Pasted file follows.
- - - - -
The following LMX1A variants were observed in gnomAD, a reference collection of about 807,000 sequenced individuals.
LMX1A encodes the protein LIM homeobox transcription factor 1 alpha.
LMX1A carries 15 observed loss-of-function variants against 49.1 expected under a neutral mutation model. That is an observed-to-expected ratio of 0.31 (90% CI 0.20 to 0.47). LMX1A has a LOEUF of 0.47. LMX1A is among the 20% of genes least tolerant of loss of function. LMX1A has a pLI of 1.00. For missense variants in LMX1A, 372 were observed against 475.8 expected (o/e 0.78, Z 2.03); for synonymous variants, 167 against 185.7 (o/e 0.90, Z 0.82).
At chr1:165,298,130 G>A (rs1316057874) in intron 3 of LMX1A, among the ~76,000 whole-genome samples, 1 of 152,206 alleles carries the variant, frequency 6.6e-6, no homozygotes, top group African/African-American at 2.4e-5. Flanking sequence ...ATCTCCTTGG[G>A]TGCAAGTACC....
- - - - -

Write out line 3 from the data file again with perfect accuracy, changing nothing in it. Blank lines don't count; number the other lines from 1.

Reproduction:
LMX1A carries 15 observed loss-of-function variants against 49.1 expected under a neutral mutation model. That is an observed-to-expected ratio of 0.31 (90% CI 0.20 to 0.47). LMX1A has a LOEUF of 0.47. LMX1A is among the 20% of genes least tolerant of loss of function. LMX1A has a pLI of 1.00. For missense variants in LMX1A, 372 were observed against 475.8 expected (o/e 0.78, Z 2.03); for synonymous variants, 167 against 185.7 (o/e 0.90, Z 0.82).